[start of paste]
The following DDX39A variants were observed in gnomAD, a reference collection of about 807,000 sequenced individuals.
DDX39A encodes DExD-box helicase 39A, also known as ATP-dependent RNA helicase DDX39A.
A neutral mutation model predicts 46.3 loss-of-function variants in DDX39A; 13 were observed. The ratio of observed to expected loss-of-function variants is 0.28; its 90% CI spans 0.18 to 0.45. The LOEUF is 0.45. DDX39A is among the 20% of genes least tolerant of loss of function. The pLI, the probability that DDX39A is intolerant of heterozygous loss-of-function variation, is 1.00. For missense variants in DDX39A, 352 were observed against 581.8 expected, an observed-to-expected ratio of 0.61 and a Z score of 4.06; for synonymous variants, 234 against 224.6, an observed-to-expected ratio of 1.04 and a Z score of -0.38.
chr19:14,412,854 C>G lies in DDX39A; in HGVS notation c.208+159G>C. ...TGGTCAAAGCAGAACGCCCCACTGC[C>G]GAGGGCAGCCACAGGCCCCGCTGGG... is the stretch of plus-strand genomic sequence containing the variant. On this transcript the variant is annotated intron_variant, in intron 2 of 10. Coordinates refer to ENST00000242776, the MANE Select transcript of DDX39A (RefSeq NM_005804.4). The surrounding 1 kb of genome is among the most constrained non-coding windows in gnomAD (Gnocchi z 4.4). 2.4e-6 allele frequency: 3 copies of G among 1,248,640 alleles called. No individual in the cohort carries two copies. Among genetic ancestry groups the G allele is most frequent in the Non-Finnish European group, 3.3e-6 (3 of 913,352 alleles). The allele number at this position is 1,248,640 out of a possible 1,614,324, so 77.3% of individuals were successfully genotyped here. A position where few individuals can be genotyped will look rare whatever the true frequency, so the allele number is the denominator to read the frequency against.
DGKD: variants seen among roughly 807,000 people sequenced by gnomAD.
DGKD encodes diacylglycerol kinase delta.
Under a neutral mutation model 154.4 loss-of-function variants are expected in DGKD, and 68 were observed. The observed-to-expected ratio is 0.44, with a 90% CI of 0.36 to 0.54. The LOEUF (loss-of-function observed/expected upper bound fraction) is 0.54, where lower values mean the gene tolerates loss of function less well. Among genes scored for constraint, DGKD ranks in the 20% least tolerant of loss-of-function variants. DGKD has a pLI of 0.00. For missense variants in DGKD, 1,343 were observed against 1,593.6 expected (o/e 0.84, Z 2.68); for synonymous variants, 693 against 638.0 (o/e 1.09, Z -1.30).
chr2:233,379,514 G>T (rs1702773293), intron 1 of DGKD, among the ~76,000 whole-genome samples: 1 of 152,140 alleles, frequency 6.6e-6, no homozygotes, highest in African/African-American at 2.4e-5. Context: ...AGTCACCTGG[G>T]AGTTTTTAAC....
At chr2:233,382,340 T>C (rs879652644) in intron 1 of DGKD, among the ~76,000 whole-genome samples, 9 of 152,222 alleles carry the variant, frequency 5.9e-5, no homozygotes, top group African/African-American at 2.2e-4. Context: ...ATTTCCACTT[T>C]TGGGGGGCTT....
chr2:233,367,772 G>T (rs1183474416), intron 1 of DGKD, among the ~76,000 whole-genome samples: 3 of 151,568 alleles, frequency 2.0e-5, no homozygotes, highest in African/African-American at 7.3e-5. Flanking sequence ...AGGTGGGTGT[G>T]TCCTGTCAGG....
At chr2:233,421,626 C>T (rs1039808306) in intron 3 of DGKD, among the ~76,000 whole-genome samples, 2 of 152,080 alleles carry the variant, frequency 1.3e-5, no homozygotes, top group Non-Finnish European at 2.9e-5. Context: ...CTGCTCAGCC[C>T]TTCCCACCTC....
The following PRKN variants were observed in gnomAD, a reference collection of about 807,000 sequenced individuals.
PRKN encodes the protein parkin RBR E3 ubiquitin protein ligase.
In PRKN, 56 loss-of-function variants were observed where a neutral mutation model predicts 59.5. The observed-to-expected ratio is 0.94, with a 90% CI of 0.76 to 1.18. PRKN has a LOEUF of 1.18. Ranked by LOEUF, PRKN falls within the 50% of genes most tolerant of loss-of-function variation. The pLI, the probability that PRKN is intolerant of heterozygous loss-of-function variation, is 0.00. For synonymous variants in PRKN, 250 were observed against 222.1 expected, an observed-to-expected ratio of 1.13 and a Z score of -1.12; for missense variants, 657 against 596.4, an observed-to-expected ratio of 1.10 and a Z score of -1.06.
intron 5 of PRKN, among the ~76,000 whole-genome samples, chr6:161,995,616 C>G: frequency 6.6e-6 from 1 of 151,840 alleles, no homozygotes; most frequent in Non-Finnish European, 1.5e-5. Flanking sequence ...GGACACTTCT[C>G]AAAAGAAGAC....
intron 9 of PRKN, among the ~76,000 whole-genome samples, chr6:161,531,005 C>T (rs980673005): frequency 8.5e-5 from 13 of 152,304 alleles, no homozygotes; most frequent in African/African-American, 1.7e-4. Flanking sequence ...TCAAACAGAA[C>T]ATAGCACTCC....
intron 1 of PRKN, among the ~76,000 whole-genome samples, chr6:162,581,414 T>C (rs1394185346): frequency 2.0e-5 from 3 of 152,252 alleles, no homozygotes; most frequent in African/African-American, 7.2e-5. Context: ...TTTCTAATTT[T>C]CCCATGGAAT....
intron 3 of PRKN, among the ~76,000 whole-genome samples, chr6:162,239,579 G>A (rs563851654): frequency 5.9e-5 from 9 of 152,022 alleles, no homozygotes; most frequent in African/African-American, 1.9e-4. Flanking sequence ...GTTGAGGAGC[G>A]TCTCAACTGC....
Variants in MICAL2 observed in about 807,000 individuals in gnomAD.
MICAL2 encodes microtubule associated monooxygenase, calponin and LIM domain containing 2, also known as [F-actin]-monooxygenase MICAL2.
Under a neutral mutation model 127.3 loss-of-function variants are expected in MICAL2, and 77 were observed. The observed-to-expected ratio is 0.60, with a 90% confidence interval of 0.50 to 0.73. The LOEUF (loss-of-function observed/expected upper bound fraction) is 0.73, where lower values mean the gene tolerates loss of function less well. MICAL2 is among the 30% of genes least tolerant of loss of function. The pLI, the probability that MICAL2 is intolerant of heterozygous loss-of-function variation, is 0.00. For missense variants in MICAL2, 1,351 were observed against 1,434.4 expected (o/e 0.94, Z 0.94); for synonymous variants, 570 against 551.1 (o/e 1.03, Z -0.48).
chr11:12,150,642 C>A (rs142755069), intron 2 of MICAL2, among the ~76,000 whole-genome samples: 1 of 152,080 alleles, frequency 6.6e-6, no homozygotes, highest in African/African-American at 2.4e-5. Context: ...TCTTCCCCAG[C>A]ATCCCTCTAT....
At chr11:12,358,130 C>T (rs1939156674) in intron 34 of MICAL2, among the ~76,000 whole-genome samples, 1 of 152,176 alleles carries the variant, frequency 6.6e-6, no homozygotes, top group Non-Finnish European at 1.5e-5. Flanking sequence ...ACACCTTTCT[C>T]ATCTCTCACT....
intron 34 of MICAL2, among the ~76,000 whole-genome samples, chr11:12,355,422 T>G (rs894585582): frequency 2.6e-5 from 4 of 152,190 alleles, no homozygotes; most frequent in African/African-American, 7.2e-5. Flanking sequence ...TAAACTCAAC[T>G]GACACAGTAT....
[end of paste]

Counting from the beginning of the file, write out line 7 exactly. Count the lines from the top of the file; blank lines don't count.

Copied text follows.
Under a neutral mutation model 154.4 loss-of-function variants are expected in DGKD, and 68 were observed. The observed-to-expected ratio is 0.44, with a 90% CI of 0.36 to 0.54. The LOEUF (loss-of-function observed/expected upper bound fraction) is 0.54, where lower values mean the gene tolerates loss of function less well. Among genes scored for constraint, DGKD ranks in the 20% least tolerant of loss-of-function variants. DGKD has a pLI of 0.00. For missense variants in DGKD, 1,343 were observed against 1,593.6 expected (o/e 0.84, Z 2.68); for synonymous variants, 693 against 638.0 (o/e 1.09, Z -1.30).